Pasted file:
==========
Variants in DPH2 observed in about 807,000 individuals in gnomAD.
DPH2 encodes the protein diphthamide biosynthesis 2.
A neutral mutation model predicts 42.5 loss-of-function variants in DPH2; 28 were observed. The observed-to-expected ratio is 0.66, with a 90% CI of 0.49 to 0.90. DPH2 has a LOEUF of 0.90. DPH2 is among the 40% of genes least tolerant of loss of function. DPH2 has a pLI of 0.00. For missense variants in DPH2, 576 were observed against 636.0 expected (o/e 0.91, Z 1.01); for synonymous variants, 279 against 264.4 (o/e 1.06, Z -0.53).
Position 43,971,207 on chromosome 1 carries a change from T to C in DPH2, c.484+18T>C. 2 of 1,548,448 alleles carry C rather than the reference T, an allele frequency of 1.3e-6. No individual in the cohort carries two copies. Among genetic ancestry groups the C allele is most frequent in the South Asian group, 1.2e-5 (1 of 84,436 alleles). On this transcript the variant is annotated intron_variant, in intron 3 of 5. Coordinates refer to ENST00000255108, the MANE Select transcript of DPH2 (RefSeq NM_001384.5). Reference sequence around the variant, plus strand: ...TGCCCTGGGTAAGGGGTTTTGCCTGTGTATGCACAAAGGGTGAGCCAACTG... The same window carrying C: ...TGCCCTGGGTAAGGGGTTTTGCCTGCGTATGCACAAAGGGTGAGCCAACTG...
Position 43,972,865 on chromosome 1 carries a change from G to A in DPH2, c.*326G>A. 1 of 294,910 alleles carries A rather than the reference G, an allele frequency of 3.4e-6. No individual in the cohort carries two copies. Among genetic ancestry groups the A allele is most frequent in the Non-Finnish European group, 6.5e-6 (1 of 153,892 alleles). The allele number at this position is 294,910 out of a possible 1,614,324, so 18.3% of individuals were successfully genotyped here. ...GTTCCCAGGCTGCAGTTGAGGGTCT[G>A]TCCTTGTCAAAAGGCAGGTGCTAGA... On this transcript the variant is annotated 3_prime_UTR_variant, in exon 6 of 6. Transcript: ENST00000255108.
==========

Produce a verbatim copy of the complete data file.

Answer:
Variants in DPH2 observed in about 807,000 individuals in gnomAD.
DPH2 encodes the protein diphthamide biosynthesis 2.
A neutral mutation model predicts 42.5 loss-of-function variants in DPH2; 28 were observed. The observed-to-expected ratio is 0.66, with a 90% CI of 0.49 to 0.90. DPH2 has a LOEUF of 0.90. DPH2 is among the 40% of genes least tolerant of loss of function. DPH2 has a pLI of 0.00. For missense variants in DPH2, 576 were observed against 636.0 expected (o/e 0.91, Z 1.01); for synonymous variants, 279 against 264.4 (o/e 1.06, Z -0.53).
Position 43,971,207 on chromosome 1 carries a change from T to C in DPH2, c.484+18T>C. 2 of 1,548,448 alleles carry C rather than the reference T, an allele frequency of 1.3e-6. No individual in the cohort carries two copies. Among genetic ancestry groups the C allele is most frequent in the South Asian group, 1.2e-5 (1 of 84,436 alleles). On this transcript the variant is annotated intron_variant, in intron 3 of 5. Coordinates refer to ENST00000255108, the MANE Select transcript of DPH2 (RefSeq NM_001384.5). Reference sequence around the variant, plus strand: ...TGCCCTGGGTAAGGGGTTTTGCCTGTGTATGCACAAAGGGTGAGCCAACTG... The same window carrying C: ...TGCCCTGGGTAAGGGGTTTTGCCTGCGTATGCACAAAGGGTGAGCCAACTG...
Position 43,972,865 on chromosome 1 carries a change from G to A in DPH2, c.*326G>A. 1 of 294,910 alleles carries A rather than the reference G, an allele frequency of 3.4e-6. No individual in the cohort carries two copies. Among genetic ancestry groups the A allele is most frequent in the Non-Finnish European group, 6.5e-6 (1 of 153,892 alleles). The allele number at this position is 294,910 out of a possible 1,614,324, so 18.3% of individuals were successfully genotyped here. ...GTTCCCAGGCTGCAGTTGAGGGTCT[G>A]TCCTTGTCAAAAGGCAGGTGCTAGA... On this transcript the variant is annotated 3_prime_UTR_variant, in exon 6 of 6. Transcript: ENST00000255108.